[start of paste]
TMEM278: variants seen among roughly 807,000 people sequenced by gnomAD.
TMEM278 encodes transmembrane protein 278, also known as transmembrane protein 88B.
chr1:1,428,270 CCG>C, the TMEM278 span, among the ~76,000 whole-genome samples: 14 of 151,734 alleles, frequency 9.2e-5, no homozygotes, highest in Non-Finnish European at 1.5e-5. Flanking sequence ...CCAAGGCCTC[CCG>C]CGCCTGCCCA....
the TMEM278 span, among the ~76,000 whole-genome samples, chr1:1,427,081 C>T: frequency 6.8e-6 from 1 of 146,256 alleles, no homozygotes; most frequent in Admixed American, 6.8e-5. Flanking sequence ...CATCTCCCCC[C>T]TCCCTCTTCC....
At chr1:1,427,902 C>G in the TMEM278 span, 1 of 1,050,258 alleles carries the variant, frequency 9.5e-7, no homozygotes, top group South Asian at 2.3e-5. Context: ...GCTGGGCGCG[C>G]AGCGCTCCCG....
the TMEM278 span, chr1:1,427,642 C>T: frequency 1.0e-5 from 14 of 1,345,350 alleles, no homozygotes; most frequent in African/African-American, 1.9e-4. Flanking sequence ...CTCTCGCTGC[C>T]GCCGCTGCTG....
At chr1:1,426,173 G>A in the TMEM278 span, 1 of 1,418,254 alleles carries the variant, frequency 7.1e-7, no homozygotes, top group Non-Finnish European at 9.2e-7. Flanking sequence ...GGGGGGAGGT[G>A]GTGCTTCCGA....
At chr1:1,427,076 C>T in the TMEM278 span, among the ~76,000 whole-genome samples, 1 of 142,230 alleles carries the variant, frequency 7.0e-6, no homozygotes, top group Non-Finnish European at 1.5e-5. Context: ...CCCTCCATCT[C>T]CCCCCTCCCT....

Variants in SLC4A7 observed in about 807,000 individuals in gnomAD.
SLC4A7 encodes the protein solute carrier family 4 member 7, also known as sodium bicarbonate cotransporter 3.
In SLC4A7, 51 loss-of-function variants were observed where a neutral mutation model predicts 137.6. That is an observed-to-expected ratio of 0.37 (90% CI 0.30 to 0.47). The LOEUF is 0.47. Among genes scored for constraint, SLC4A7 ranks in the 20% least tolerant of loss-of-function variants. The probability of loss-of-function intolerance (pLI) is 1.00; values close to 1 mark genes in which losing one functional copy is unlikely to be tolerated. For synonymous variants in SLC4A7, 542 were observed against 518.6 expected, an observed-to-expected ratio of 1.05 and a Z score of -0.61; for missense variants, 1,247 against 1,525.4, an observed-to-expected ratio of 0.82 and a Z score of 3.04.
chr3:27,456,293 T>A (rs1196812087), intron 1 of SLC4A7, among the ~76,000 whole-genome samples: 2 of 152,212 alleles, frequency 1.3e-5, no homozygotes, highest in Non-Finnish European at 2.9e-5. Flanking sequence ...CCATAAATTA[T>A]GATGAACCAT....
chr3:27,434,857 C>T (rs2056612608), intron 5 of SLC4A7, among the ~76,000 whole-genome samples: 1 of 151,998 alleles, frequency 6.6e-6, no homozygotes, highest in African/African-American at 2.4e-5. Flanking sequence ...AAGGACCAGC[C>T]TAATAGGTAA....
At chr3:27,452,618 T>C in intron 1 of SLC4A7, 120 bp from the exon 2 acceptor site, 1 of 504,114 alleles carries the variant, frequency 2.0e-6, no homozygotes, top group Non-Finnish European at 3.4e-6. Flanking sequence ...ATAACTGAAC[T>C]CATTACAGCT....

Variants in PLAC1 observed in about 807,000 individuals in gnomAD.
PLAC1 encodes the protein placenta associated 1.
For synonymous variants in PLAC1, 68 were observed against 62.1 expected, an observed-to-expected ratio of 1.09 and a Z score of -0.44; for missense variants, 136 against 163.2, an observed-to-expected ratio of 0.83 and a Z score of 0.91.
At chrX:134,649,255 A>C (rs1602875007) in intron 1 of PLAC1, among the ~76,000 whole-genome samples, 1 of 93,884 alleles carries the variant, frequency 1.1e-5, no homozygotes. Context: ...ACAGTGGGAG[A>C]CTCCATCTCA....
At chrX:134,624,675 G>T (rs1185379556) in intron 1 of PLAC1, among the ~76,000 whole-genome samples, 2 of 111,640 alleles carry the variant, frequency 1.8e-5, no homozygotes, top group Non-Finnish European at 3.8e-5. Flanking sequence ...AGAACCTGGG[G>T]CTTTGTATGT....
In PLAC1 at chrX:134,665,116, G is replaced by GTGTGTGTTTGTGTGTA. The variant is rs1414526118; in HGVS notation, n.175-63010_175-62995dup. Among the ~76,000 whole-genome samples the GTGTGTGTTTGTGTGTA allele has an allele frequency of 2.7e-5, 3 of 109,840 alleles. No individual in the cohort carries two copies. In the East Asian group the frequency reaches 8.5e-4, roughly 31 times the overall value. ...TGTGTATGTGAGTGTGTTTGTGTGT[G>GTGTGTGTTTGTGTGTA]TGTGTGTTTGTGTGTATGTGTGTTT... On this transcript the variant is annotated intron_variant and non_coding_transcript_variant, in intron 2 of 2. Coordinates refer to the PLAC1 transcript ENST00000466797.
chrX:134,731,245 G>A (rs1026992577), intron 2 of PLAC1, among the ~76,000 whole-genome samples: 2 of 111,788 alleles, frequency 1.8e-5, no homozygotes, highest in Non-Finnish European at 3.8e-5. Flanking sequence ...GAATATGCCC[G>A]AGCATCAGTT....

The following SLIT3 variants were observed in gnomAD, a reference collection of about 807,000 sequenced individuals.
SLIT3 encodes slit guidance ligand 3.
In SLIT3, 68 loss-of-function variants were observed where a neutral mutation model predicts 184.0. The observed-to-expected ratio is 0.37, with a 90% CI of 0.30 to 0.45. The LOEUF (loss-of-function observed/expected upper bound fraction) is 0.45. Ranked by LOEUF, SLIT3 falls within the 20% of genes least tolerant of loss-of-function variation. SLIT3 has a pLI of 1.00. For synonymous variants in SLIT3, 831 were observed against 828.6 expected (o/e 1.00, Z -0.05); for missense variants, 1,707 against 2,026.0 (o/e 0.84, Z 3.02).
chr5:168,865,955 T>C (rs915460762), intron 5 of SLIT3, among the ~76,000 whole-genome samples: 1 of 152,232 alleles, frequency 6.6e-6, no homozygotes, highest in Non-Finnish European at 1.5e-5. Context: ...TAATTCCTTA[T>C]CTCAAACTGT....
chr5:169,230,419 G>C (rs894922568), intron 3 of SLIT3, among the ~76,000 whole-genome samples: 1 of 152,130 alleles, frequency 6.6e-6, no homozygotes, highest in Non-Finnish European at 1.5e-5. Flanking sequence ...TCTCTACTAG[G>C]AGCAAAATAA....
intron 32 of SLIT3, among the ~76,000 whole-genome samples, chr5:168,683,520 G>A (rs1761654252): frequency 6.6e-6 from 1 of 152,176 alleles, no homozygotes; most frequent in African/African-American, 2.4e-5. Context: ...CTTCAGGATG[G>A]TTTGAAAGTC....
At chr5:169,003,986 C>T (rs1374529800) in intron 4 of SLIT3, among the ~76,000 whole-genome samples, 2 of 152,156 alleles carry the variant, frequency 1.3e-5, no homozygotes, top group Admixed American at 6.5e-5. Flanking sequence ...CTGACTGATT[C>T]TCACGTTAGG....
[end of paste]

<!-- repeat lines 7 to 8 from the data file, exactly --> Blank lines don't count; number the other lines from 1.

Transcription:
At chr1:1,426,173 G>A in the TMEM278 span, 1 of 1,418,254 alleles carries the variant, frequency 7.1e-7, no homozygotes, top group Non-Finnish European at 9.2e-7. Flanking sequence ...GGGGGGAGGT[G>A]GTGCTTCCGA....
At chr1:1,427,076 C>T in the TMEM278 span, among the ~76,000 whole-genome samples, 1 of 142,230 alleles carries the variant, frequency 7.0e-6, no homozygotes, top group Non-Finnish European at 1.5e-5. Context: ...CCCTCCATCT[C>T]CCCCCTCCCT....